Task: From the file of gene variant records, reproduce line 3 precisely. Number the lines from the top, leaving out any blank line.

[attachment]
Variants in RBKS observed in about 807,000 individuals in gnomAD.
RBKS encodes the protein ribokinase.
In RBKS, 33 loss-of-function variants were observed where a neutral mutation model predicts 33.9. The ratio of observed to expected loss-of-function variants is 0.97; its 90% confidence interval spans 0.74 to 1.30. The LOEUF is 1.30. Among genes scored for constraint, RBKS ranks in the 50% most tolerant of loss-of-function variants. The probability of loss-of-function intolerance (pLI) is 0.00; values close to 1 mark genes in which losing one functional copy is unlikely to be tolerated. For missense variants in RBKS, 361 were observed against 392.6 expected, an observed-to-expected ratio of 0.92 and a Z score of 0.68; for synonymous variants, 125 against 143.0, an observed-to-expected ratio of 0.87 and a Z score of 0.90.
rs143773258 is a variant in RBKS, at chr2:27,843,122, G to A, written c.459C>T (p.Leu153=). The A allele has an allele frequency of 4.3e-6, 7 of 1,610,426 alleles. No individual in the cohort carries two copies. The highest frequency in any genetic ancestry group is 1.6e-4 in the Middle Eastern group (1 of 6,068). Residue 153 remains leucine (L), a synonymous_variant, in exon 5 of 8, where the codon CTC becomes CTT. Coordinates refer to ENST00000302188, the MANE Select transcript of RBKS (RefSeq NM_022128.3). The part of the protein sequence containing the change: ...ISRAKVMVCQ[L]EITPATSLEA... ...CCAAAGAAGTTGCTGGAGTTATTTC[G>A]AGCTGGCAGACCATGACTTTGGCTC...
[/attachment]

In RBKS, 33 loss-of-function variants were observed where a neutral mutation model predicts 33.9. The ratio of observed to expected loss-of-function variants is 0.97; its 90% confidence interval spans 0.74 to 1.30. The LOEUF is 1.30. Among genes scored for constraint, RBKS ranks in the 50% most tolerant of loss-of-function variants. The probability of loss-of-function intolerance (pLI) is 0.00; values close to 1 mark genes in which losing one functional copy is unlikely to be tolerated. For missense variants in RBKS, 361 were observed against 392.6 expected, an observed-to-expected ratio of 0.92 and a Z score of 0.68; for synonymous variants, 125 against 143.0, an observed-to-expected ratio of 0.87 and a Z score of 0.90.